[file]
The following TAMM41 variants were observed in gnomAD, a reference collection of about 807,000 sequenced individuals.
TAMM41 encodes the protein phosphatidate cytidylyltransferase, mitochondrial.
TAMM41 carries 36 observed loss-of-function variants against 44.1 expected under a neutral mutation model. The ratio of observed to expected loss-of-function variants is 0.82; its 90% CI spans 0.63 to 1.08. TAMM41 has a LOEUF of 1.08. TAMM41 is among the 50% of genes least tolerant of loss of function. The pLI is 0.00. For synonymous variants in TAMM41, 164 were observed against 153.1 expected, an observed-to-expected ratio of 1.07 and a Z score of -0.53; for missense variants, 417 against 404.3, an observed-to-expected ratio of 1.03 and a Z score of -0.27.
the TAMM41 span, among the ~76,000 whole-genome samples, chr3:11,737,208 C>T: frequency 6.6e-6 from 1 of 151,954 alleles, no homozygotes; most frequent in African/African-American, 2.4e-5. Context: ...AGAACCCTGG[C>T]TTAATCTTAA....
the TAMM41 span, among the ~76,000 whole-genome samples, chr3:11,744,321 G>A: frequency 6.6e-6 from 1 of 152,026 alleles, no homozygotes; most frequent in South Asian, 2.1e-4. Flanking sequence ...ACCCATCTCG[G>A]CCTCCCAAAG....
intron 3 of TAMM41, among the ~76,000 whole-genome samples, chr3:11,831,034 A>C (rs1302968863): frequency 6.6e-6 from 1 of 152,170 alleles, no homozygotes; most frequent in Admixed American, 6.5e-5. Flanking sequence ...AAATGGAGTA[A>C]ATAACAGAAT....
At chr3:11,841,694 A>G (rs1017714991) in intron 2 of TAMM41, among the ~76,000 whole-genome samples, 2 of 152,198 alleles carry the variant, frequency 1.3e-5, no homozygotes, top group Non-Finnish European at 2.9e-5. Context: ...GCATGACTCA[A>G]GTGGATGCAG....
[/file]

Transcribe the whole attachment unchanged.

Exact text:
The following TAMM41 variants were observed in gnomAD, a reference collection of about 807,000 sequenced individuals.
TAMM41 encodes the protein phosphatidate cytidylyltransferase, mitochondrial.
TAMM41 carries 36 observed loss-of-function variants against 44.1 expected under a neutral mutation model. The ratio of observed to expected loss-of-function variants is 0.82; its 90% CI spans 0.63 to 1.08. TAMM41 has a LOEUF of 1.08. TAMM41 is among the 50% of genes least tolerant of loss of function. The pLI is 0.00. For synonymous variants in TAMM41, 164 were observed against 153.1 expected, an observed-to-expected ratio of 1.07 and a Z score of -0.53; for missense variants, 417 against 404.3, an observed-to-expected ratio of 1.03 and a Z score of -0.27.
the TAMM41 span, among the ~76,000 whole-genome samples, chr3:11,737,208 C>T: frequency 6.6e-6 from 1 of 151,954 alleles, no homozygotes; most frequent in African/African-American, 2.4e-5. Context: ...AGAACCCTGG[C>T]TTAATCTTAA....
the TAMM41 span, among the ~76,000 whole-genome samples, chr3:11,744,321 G>A: frequency 6.6e-6 from 1 of 152,026 alleles, no homozygotes; most frequent in South Asian, 2.1e-4. Flanking sequence ...ACCCATCTCG[G>A]CCTCCCAAAG....
intron 3 of TAMM41, among the ~76,000 whole-genome samples, chr3:11,831,034 A>C (rs1302968863): frequency 6.6e-6 from 1 of 152,170 alleles, no homozygotes; most frequent in Admixed American, 6.5e-5. Flanking sequence ...AAATGGAGTA[A>C]ATAACAGAAT....
At chr3:11,841,694 A>G (rs1017714991) in intron 2 of TAMM41, among the ~76,000 whole-genome samples, 2 of 152,198 alleles carry the variant, frequency 1.3e-5, no homozygotes, top group Non-Finnish European at 2.9e-5. Context: ...GCATGACTCA[A>G]GTGGATGCAG....